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In The Fall of Troy, acclaimed novelist and historian Peter Ackroyd creates a fascinating narrative that follows an archaeologist's obsession with finding the ruins of Troy, depicting the blurred line between truth and deception.
Obermann, an acclaimed German scholar, fervently believes that his discovery of the ancient ruins of Troy will prove that the heroes of the Iliad, a work he has cherished all his life, actually existed. But Sophia, Obermann's young Greek wife, has her suspicions about his motivations — suspicions that only increase when she finds a cache of artifacts that her husband has hidden, and when a more skeptical archaeologist dies from a mysterious fever. With exquisite detail, Ackroyd again demonstrates his ability to evoke time and place, creating a brilliantly told story of heroes and scoundrels, human aspirations and follies, and the temptation to shape the truth to fit a passionately held belief.
“Engaging, disturbing, intellectually complex.”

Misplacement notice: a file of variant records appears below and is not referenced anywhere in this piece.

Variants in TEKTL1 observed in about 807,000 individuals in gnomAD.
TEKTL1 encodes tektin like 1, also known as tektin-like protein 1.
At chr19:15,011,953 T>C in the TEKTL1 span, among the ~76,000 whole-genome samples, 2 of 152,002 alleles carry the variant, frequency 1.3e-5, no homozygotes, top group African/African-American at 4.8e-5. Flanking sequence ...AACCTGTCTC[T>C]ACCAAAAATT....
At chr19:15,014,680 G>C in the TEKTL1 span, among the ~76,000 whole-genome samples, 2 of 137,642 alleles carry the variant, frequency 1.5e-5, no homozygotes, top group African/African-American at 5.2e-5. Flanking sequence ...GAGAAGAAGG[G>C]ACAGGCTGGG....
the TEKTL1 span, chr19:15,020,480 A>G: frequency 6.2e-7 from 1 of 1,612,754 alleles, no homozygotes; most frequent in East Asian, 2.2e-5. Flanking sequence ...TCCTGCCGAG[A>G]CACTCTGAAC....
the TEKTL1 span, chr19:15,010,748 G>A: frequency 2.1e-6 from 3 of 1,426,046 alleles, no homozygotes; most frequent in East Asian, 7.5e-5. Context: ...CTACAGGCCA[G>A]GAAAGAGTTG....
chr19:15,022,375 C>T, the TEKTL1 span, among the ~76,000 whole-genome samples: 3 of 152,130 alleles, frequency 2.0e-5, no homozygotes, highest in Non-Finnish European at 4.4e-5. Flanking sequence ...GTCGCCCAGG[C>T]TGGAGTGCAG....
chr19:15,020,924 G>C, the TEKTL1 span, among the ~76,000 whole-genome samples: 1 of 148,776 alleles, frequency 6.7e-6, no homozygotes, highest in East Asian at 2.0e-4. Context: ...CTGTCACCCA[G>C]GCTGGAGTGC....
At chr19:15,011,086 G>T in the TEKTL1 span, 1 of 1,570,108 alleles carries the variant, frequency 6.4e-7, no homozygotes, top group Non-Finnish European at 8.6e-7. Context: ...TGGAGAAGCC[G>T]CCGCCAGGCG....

—The New York Times Book Review
“Engaging . . . sly, witty. . . . [A] novel that meditates on literature and idealism and the uses and misuses of both.”
—Los Angeles Times
“This is Ackroyd’s most exuberant novel for years…”
“Provoking, unsettling, ingenious—and a delight to read.”
—Barry Unsworth, The Guardian
“Written in clipped, precise, instantly recognizable prose, The Fall of Troy is a novel about opposites—of truth and deception, fact and fiction, history and romance, love and loyalty.…But however you read The Fall of Troy—as a love story and mystery told in Homeric style, or as a deeper meditation on the relationship between reality and imagination—Ackroyd the novelist re-emerges triumphantly from the mud of his excavations.”
“The Fall of Troy is a clever variation on the story of the excavation of the city in the 1850s.…There is another layer, however, to this tale of fakes, falsehood and deception. For Ackroyd is playing throughout his novel with the status of his own narrative as a work of fiction…there are unsettling surprises as the story dances between pure Ackroyd and the fantasies of Schliemann, and a treacherous middle-ground in between.…Peter Ackroyd’s invention trumps even Schliemann’s mendacity.”
—Times Literary Supplement
“[Ackroyd’s] evocation of the landscape, the weather and the conditions of the Hissarlik dig are brilliant, and his minor characters…are deftly brought to life. Above all, he manages to suggest, in a book which is less slight than it may appear, that men who meddle with the gods do so at their peril.”
“Ingenious…briskly told and vividly realized tale…a gripping novel.”